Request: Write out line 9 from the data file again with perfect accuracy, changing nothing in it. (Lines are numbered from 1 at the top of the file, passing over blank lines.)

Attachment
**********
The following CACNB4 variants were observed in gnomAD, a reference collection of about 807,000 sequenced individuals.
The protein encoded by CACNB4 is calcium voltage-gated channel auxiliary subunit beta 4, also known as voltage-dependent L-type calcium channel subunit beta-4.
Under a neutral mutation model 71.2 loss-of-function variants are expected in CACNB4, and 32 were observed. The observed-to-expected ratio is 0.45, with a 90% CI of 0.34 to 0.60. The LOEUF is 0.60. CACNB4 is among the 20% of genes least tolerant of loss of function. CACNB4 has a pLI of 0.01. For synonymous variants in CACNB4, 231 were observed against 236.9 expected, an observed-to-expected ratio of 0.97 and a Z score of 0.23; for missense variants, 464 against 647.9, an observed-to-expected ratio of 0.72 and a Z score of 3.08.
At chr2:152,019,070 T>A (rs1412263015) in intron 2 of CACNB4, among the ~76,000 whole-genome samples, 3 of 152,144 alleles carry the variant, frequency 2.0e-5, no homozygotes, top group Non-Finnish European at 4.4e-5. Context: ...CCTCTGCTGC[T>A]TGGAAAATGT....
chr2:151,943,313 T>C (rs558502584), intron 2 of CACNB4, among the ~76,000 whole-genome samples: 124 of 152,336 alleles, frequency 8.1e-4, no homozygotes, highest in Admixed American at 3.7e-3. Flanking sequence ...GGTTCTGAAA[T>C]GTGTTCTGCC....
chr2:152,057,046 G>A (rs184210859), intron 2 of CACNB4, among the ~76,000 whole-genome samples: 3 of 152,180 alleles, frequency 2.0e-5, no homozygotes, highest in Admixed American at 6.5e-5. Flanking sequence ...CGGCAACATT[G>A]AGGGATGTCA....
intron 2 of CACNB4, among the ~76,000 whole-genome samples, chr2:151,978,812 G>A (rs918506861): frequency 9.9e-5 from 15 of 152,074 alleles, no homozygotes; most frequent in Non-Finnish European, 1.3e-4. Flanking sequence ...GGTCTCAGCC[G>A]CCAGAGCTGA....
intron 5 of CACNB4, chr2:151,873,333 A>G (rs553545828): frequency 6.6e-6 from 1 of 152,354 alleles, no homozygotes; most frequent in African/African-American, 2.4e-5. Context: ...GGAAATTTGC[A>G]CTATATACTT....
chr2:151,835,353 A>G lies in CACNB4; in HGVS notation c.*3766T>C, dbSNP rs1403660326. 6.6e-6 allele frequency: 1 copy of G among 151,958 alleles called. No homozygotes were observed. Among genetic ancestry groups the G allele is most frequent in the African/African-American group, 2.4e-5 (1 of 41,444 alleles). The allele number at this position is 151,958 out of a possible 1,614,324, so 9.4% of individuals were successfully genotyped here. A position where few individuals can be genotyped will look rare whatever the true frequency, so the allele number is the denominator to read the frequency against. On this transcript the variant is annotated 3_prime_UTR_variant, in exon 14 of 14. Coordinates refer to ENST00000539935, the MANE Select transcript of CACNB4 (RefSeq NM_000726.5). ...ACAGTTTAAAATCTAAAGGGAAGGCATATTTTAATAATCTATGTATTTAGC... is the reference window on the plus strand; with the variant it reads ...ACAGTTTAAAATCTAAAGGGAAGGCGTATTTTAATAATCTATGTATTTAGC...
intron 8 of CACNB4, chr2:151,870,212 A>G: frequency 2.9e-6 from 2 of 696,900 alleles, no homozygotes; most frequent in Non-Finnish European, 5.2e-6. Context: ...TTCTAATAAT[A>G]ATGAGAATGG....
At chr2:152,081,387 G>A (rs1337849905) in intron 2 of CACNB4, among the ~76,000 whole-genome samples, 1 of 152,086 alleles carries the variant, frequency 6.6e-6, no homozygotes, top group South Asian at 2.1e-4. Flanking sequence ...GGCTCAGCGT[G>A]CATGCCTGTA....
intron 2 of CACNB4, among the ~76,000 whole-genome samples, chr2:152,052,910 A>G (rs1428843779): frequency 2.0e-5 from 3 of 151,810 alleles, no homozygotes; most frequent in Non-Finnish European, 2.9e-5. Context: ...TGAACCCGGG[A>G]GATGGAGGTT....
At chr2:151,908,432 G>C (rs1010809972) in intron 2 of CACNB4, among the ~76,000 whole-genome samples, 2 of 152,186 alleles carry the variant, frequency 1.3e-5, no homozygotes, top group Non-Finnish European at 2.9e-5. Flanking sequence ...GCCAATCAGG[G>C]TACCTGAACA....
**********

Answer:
chr2:151,835,353 A>G lies in CACNB4; in HGVS notation c.*3766T>C, dbSNP rs1403660326. 6.6e-6 allele frequency: 1 copy of G among 151,958 alleles called. No homozygotes were observed. Among genetic ancestry groups the G allele is most frequent in the African/African-American group, 2.4e-5 (1 of 41,444 alleles). The allele number at this position is 151,958 out of a possible 1,614,324, so 9.4% of individuals were successfully genotyped here. A position where few individuals can be genotyped will look rare whatever the true frequency, so the allele number is the denominator to read the frequency against. On this transcript the variant is annotated 3_prime_UTR_variant, in exon 14 of 14. Coordinates refer to ENST00000539935, the MANE Select transcript of CACNB4 (RefSeq NM_000726.5). ...ACAGTTTAAAATCTAAAGGGAAGGCATATTTTAATAATCTATGTATTTAGC... is the reference window on the plus strand; with the variant it reads ...ACAGTTTAAAATCTAAAGGGAAGGCGTATTTTAATAATCTATGTATTTAGC...